People with diabetes face hazards aplenty, among them twice the normal risk of heart disease and stroke and up to four times the chance of a fatal heart-related event. Last May, several million diabetic patients taking Avandia to control their blood sugar heard about a study suggesting that the drug raises their heart-attack risk by more than 40 percent. Earlier this month, another study echoed that finding.
That's obviously not good. But the increased risk may be less threatening than it sounds, and diabetic individuals have the means at hand to counter it.
Because the existing heart-attack risk for a typical diabetes patient is low—about 1.1 percent a year—Avandia boosts the risk only to about 1.5 percent. So there's still a 98.5 percent likelihood of not having a heart attack. (Actos, a similar medication, for some reason seems to trim the rate of heart attack and stroke, fatal and nonfatal.)
Both drugs, however, pose a significant risk of heart failure, or reduced cardiac function. "That's getting missed in the news coverage," says Sonal Singh, an assistant professor at Wake Forest University School of Medicine and lead author of this month's Avandia study. In much of Europe, he notes, patients with any degree of heart failure don't get such drugs, while in the United States their use is discouraged only for patients with severe heart failure.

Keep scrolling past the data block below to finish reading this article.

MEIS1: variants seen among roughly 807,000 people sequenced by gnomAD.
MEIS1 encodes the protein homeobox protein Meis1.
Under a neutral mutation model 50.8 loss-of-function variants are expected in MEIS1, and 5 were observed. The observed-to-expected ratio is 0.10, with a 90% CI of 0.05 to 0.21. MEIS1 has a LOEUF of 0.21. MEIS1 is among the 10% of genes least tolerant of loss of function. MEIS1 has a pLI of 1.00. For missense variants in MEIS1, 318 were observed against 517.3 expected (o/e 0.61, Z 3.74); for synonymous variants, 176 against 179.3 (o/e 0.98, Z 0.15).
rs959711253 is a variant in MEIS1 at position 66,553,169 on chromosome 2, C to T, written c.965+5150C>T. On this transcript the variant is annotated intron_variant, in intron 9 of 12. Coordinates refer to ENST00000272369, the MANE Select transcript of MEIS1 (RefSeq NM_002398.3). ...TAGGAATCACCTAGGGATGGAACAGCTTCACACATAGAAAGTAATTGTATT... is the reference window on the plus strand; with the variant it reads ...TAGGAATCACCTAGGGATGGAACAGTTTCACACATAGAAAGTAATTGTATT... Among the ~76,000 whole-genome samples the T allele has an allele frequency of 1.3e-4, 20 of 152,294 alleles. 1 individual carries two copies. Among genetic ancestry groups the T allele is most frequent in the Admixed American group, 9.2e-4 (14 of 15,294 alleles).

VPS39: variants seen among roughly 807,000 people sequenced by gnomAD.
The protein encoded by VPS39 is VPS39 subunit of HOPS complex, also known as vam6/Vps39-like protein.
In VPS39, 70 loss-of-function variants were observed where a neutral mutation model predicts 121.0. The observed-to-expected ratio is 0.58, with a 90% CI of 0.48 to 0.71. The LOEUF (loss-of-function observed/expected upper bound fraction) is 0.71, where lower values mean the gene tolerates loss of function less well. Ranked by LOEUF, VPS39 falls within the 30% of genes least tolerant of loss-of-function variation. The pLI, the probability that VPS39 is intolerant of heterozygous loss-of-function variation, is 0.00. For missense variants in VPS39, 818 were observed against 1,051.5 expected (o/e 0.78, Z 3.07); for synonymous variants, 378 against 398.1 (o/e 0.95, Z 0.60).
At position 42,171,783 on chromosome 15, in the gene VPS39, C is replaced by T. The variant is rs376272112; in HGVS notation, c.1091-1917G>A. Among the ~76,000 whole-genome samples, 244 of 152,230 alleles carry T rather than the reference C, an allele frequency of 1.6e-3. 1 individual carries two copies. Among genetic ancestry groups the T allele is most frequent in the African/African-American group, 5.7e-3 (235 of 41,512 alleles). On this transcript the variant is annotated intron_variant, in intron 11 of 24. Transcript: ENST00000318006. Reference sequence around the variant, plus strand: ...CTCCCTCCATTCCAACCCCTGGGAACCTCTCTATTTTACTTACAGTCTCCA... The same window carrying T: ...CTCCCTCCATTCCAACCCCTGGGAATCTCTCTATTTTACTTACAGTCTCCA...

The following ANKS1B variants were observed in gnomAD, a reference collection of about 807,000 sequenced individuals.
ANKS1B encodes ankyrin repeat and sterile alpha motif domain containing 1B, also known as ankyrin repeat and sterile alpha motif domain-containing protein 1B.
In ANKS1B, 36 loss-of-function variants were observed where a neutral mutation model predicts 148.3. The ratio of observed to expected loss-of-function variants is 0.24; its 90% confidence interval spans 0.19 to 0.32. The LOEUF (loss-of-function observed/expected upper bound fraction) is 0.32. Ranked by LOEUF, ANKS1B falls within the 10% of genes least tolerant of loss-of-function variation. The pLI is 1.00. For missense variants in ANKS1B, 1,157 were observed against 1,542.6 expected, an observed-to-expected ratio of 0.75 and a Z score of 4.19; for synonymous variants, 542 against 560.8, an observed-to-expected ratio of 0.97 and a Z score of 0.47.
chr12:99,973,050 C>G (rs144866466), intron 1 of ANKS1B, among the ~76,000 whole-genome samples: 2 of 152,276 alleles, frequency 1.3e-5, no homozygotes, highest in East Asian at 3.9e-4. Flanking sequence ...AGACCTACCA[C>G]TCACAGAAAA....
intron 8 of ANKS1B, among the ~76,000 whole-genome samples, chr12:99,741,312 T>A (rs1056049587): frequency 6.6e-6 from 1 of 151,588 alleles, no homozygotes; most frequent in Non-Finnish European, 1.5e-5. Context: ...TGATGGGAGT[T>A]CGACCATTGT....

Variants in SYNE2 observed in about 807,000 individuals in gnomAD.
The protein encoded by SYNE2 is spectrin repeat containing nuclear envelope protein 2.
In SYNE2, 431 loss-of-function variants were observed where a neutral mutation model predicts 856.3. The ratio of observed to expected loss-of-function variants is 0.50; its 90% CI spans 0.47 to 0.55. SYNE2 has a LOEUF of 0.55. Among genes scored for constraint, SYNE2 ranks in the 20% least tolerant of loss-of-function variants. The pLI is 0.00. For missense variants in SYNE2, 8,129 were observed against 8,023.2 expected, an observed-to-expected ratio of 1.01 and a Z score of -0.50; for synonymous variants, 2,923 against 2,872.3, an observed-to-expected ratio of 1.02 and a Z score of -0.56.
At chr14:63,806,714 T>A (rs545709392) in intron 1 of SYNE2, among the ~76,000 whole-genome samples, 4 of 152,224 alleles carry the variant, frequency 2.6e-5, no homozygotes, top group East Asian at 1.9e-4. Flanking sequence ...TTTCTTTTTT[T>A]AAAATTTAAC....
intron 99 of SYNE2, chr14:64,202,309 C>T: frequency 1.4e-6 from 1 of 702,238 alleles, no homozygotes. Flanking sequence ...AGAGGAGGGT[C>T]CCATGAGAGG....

Another perspective on drug risk is a comparison with risks diabetes patients can reduce on their own:
1. Smoking. Even one to five cigarettes a day raises the risk of heart disease in diabetic women by 40 percent. Going to 15 a day boosts the risk by 168 percent.
2. Inactivity. A study found diabetic nonexercisers had a 34 percent higher risk of fatal heart attack or stroke than diabetic patients who walked at least two hours a week. And in a trial reported this month, diabetic patients improved their blood sugar after 22 weeks of aerobic and resistance training.
3. Obesity. Almost 80 percent of those with type 2 diabetes carry too much weight. In June, one-year results from an ongoing study showed improved blood sugar control, blood pressure, and cholesterol in 2,500 diabetic patients, almost all of them obese, who lost an average of 9 percent of their weight and became physically active.
It's hard to change, grants internist Leonard Egede, who sees many diabetes patients at the Medical University of South Carolina: "When people into my clinic, they say, 'I know I need to lose weight, I know I need to exercise.' They want to do it...but they're unable to maintain the effort." Yet sustained effort pays off: Many of those 2,500 patients were able to toss their diabetes medications.